Sunday, February 12, 2017


Speaking of tribalism, tribes, and primitive people, Samuel R. Delany wrote a long post about circumcision on Facebook the other day.  His father, he says, was not circumcised; Delany is.
Again and again I have wished I were not cut and have spent money on attempts to restore my foreskin. That presents two problems. First, it is purely for looks. It does not restore all the nerve endings that were removed in the circumcision itself. And further surgery would only destroy more—so that, for that reason, I have never thought about it at all seriously.
I've often encountered complaints like this, and they baffle me.  I'm circumcised, and I don't mourn my foreskin at all. I'm not aware of any decreased sensitivity (how could I be? I have no basis for comparison). When I first saw uncircumcised penises, I thought they were gross and ugly, because they didn't look like mine; we had a mix of cut and uncut in my junior-high PE class shower room, so I thought the differences were just 'natural' variation. (Not least because foreskins, like all natural features, vary widely. Some still look ugly to me.) I disagree that (as one commenter on Delany's post claimed) an "intact lover is a rare treat in the USA" -- I've encountered plenty, and I have not noticed any difference in their skills.

I say this just to offer a different perspective, one I very rarely see when circumcision is discussed. If I were consulted about a newborn male, I would respond with something like Delany's position:

As a tribal decision imposed on males before they can consent to it, I will never believe it’s a good thing. Nor do I believe most men would consent to the surgical mutilation of their genitals once they pass the age of reason, at what ever age it was set—especially when it is NOT the way of the tribe.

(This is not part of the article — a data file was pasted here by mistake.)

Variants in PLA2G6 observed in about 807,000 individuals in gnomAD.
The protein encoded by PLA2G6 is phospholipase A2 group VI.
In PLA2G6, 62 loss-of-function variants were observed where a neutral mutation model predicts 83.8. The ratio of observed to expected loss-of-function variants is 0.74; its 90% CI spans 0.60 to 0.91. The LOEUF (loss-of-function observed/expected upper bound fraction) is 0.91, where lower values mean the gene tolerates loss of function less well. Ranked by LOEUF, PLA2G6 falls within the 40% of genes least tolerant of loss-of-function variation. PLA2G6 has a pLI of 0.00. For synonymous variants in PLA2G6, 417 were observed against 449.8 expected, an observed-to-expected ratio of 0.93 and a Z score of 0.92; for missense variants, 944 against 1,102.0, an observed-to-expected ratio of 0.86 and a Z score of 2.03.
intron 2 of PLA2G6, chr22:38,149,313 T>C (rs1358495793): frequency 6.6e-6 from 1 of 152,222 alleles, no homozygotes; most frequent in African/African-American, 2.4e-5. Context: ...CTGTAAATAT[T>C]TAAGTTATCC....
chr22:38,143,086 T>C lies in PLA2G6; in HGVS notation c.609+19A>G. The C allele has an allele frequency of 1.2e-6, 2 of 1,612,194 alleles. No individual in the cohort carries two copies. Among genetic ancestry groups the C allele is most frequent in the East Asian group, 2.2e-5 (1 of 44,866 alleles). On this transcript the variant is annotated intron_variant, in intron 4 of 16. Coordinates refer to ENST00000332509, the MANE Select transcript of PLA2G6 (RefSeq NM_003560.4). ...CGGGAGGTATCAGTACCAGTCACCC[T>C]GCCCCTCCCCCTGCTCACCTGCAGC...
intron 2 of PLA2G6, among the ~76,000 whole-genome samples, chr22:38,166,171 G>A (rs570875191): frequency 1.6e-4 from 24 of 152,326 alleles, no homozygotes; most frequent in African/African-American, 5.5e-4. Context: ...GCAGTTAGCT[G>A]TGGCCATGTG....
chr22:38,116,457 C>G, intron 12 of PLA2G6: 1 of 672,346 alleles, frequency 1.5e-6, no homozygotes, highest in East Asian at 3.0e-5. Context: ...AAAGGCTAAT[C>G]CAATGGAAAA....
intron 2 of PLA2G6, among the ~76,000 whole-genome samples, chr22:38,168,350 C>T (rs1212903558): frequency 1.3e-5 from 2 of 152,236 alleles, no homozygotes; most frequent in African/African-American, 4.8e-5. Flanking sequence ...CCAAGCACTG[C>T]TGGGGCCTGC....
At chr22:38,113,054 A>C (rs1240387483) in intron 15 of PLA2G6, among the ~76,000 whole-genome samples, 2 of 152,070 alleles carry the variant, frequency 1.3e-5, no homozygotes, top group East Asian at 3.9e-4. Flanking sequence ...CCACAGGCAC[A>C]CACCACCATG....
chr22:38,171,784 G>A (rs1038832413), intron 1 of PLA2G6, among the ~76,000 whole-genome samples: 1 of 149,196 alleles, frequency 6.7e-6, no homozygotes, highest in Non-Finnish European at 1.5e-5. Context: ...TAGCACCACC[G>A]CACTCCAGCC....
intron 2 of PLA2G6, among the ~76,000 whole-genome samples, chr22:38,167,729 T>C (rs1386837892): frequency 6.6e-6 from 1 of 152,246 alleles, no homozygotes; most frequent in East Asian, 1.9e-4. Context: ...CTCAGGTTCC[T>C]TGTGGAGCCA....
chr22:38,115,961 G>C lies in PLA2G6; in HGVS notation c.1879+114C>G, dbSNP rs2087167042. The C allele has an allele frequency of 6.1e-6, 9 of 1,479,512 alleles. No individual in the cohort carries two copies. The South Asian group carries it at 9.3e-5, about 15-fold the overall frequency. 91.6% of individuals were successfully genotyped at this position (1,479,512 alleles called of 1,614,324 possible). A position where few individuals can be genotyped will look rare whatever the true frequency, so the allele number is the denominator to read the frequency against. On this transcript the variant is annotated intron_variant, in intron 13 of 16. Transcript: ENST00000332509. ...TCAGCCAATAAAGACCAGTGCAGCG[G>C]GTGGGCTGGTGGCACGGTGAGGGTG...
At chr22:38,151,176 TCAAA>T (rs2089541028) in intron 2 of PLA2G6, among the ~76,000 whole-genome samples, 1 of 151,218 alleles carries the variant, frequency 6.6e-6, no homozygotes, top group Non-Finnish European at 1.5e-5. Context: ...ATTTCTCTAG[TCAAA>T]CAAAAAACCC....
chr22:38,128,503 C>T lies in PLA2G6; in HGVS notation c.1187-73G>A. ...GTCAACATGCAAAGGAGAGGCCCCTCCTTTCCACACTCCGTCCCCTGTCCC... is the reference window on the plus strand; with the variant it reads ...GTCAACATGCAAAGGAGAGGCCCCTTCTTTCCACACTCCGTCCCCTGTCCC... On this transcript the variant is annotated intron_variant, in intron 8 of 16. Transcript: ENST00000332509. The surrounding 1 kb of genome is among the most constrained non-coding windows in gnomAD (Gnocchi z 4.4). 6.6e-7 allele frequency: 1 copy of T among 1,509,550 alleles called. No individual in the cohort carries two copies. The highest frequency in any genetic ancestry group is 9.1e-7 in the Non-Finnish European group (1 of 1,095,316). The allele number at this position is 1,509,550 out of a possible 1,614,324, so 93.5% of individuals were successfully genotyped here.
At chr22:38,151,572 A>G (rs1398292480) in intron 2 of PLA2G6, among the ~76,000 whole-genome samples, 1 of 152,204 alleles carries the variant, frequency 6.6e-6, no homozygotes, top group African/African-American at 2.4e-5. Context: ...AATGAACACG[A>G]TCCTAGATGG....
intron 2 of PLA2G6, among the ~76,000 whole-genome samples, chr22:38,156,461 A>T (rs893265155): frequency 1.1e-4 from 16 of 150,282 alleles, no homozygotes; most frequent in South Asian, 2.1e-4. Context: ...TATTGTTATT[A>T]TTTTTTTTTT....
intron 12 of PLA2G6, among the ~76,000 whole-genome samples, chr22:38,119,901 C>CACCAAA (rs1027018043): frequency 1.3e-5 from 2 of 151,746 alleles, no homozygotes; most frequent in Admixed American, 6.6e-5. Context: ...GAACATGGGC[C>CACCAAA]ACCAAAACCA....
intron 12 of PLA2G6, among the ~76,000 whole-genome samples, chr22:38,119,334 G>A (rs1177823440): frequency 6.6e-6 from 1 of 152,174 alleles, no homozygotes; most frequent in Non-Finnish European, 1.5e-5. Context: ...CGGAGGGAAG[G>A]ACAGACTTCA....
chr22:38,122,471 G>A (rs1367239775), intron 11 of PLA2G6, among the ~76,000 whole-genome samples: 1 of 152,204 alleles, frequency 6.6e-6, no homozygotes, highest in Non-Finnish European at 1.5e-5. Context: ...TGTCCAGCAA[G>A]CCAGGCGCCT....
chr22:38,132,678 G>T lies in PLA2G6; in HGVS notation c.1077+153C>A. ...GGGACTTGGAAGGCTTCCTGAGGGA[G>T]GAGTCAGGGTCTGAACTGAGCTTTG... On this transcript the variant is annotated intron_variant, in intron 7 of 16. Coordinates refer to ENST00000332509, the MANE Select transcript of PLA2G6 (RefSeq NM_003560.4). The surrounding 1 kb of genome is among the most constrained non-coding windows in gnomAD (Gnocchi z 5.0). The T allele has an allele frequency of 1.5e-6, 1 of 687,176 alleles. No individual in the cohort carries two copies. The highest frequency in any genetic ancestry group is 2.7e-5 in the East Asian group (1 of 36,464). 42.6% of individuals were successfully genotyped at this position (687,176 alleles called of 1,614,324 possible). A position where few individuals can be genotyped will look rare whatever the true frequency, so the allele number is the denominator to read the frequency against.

There isn't any good reason to do it, so don't do it, let the kid decide for himself when he's old enough to do so. But I don't feel deprived, mutilated, damaged, disabled, incomplete, etc. I also don't feel bad because I'm different from some other males in this detail. (Which apparently is a major factor in parents' decision to circumcise their sons: so they won't feel different from other boys in the locker room.  Not really a problem, since boys don't usually see each other naked in the locker room anymore -- we now protect their privacy, and have abandoned group showers so boys won't be traumatized by the sight of other boys' naked bodies.  But what a terrible rationale!  If everyone else jumped off a bridge ...)  I'm different from other people in so many ways, and this one seems minor to me by comparison. I feel sorry for those circumcised men who feel impaired by it; feelings are, and that can't be argued with. But I myself am totally comfortable with my lack of foreskin.

Notice the word "tribal" in Delany's remarks.  There's a lot of ambivalence about tribes in educated American discourse.  I see a lot of stuff on the Internet and elsewhere about the primal wisdom of tribal people, about how we shouldn't assume that we modern white Westerners are smarter than they are -- unless, as in this case, we don't agree with or approve of their wisdom.  Which is good, because no authority should be exempt from doubt or criticism.  It appears, however, that circumcision was a widespread though not universal practice among the ancient Egyptians, who can hardly be dismissed as "tribal" primitives.  (Warning: scary uncut mummy photo at that link.)  They were truly civilized!  They built the Pyramids!  They cut off their foreskins!  How dare barbaric modern Westerners disrespect them?